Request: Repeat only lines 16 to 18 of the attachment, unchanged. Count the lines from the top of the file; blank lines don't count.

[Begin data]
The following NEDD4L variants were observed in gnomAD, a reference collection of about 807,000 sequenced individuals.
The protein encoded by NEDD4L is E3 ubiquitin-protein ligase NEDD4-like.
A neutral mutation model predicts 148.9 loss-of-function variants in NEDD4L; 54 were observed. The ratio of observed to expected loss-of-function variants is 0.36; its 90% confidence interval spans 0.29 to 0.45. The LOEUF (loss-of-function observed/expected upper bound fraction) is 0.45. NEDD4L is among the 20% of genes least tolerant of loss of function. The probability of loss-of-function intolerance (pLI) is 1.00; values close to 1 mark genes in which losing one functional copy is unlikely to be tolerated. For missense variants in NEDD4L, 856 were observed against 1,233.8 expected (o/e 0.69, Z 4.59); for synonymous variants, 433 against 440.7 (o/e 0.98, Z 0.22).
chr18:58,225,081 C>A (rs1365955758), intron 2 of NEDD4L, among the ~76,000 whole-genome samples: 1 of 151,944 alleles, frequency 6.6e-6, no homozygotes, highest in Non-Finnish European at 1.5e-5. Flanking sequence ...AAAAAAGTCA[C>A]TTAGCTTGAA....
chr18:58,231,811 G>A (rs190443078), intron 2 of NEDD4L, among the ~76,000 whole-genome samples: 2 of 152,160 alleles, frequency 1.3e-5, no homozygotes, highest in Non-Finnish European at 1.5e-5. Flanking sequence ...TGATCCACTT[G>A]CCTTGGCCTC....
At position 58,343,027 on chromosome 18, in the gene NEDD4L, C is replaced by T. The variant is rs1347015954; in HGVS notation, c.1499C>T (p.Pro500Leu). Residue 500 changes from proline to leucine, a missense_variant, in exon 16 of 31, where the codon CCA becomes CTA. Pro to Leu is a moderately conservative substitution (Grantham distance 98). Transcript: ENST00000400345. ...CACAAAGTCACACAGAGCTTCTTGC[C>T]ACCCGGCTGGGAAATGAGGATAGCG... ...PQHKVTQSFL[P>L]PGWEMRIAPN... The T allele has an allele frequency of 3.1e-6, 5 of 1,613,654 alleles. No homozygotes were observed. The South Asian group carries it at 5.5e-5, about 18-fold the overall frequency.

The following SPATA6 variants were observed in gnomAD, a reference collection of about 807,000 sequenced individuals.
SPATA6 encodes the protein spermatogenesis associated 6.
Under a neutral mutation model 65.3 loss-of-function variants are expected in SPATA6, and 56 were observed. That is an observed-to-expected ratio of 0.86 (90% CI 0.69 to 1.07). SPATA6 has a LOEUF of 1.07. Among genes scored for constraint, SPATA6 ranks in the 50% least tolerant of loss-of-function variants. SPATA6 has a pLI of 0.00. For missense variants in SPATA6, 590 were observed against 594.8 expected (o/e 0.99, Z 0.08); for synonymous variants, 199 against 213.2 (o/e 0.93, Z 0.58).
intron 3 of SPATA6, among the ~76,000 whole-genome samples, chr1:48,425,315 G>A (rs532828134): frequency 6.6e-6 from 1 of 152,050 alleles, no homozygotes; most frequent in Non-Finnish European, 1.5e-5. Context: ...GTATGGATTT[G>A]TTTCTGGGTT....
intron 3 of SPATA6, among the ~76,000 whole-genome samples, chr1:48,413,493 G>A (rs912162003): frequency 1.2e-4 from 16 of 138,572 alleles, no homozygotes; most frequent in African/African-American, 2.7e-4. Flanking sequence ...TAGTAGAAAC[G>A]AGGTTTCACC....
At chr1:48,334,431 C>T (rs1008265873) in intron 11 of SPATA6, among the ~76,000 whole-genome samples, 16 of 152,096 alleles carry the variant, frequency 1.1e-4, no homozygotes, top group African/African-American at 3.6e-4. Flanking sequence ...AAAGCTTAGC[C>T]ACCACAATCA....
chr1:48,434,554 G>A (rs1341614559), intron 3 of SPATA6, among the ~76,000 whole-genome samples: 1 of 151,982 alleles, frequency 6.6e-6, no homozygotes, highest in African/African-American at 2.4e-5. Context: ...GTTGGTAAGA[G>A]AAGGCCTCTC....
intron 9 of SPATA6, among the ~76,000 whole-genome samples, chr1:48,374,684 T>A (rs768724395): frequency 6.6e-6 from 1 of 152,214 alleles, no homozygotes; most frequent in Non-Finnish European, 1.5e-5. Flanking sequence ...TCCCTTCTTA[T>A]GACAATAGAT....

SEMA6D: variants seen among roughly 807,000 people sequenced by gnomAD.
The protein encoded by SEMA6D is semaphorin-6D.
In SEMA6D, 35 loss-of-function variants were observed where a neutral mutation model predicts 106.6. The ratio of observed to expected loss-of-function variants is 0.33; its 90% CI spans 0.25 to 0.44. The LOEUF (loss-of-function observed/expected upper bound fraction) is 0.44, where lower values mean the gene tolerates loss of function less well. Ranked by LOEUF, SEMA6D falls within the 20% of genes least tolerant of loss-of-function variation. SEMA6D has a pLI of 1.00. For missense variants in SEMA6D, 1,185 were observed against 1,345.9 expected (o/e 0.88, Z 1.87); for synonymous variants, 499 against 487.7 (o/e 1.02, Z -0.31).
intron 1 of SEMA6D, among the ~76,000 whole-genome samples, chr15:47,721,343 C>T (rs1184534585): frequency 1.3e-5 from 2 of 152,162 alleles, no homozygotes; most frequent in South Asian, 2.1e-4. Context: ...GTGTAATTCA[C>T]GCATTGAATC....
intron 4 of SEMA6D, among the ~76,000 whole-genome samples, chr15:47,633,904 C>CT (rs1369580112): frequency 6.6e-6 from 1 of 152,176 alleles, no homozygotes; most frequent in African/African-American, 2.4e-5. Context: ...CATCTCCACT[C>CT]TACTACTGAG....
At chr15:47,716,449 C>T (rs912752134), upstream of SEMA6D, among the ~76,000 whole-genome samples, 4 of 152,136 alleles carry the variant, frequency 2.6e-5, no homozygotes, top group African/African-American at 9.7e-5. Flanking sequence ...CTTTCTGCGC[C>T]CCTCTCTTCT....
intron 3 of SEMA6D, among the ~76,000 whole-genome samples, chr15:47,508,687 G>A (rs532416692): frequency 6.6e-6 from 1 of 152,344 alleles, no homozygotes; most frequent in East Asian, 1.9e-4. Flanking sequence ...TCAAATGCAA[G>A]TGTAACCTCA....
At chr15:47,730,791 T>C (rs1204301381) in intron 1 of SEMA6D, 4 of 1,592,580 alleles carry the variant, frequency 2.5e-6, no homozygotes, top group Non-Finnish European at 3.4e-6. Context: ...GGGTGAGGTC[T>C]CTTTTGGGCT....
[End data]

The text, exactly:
The protein encoded by SEMA6D is semaphorin-6D.
In SEMA6D, 35 loss-of-function variants were observed where a neutral mutation model predicts 106.6. The ratio of observed to expected loss-of-function variants is 0.33; its 90% CI spans 0.25 to 0.44. The LOEUF (loss-of-function observed/expected upper bound fraction) is 0.44, where lower values mean the gene tolerates loss of function less well. Ranked by LOEUF, SEMA6D falls within the 20% of genes least tolerant of loss-of-function variation. SEMA6D has a pLI of 1.00. For missense variants in SEMA6D, 1,185 were observed against 1,345.9 expected (o/e 0.88, Z 1.87); for synonymous variants, 499 against 487.7 (o/e 1.02, Z -0.31).
intron 1 of SEMA6D, among the ~76,000 whole-genome samples, chr15:47,721,343 C>T (rs1184534585): frequency 1.3e-5 from 2 of 152,162 alleles, no homozygotes; most frequent in South Asian, 2.1e-4. Context: ...GTGTAATTCA[C>T]GCATTGAATC....